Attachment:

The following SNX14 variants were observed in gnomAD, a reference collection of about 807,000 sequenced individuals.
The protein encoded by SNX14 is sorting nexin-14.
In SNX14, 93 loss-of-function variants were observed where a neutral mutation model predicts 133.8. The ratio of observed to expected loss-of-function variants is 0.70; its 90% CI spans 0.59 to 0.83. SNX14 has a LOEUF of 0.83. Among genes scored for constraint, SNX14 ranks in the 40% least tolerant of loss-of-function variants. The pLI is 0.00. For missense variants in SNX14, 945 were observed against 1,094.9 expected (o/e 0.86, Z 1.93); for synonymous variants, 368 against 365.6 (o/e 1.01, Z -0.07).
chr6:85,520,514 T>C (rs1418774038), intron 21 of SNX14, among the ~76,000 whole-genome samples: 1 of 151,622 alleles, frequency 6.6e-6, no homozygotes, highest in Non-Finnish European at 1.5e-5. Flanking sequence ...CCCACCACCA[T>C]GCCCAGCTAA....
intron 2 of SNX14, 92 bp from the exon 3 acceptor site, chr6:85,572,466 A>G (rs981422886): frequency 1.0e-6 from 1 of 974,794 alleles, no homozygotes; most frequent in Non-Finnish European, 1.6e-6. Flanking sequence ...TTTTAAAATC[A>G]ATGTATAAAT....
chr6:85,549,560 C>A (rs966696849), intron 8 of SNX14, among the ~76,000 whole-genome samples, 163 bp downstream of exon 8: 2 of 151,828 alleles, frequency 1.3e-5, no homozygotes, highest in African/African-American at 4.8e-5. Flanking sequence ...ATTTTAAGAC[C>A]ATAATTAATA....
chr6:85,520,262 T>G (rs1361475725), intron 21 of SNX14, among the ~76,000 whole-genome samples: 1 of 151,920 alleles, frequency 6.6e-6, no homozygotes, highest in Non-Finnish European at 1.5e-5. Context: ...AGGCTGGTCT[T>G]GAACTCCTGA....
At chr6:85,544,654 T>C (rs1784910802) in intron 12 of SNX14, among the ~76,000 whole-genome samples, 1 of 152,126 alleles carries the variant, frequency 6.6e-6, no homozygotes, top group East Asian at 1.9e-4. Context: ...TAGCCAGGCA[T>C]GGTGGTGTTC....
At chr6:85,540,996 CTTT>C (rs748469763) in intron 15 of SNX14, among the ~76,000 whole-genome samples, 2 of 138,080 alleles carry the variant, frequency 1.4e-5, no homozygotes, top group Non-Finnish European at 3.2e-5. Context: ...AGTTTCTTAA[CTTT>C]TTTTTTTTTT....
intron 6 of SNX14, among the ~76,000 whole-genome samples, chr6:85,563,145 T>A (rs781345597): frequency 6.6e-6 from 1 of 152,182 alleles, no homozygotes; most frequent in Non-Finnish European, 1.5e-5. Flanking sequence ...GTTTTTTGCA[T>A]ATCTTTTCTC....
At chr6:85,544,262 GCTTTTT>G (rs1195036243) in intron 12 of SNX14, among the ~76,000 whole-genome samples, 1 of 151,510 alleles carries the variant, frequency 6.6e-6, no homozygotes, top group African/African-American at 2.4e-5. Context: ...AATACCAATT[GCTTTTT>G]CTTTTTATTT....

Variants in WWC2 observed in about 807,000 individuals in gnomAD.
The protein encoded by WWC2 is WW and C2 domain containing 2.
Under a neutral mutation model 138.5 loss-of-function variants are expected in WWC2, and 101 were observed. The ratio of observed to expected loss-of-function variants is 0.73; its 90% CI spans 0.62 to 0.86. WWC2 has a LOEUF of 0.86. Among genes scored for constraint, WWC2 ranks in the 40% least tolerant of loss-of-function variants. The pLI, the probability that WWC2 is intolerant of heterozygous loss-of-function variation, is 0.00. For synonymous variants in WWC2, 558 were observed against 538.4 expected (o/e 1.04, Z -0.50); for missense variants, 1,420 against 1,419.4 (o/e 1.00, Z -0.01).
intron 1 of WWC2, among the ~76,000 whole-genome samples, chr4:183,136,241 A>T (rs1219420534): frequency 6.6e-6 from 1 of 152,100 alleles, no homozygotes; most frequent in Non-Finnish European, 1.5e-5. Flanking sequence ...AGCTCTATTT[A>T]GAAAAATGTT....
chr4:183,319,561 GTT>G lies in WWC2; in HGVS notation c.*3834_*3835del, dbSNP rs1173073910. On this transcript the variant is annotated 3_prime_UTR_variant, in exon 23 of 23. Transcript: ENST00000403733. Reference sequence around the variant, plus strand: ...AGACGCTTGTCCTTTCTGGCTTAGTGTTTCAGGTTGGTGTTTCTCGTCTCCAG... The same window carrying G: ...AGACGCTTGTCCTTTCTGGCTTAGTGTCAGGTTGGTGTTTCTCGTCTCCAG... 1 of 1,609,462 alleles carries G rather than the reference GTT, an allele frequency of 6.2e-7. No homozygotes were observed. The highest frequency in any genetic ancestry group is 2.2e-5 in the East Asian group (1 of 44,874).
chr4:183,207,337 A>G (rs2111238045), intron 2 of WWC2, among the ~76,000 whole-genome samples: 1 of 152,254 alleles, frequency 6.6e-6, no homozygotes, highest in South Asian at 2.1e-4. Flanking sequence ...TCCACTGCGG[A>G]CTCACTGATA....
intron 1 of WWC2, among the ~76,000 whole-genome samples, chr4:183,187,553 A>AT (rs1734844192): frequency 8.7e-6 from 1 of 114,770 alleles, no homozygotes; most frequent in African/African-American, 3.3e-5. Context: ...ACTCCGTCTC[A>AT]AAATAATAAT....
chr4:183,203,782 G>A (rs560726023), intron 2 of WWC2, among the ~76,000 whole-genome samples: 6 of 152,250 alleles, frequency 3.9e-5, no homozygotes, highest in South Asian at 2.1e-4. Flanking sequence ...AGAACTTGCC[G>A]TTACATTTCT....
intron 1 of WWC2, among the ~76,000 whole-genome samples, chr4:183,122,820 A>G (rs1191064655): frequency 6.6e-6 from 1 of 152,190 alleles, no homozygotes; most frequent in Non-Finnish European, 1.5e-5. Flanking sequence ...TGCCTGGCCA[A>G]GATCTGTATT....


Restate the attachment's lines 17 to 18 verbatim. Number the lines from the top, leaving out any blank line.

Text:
chr4:183,207,337 A>G (rs2111238045), intron 2 of WWC2, among the ~76,000 whole-genome samples: 1 of 152,254 alleles, frequency 6.6e-6, no homozygotes, highest in South Asian at 2.1e-4. Flanking sequence ...TCCACTGCGG[A>G]CTCACTGATA....
intron 1 of WWC2, among the ~76,000 whole-genome samples, chr4:183,187,553 A>AT (rs1734844192): frequency 8.7e-6 from 1 of 114,770 alleles, no homozygotes; most frequent in African/African-American, 3.3e-5. Context: ...ACTCCGTCTC[A>AT]AAATAATAAT....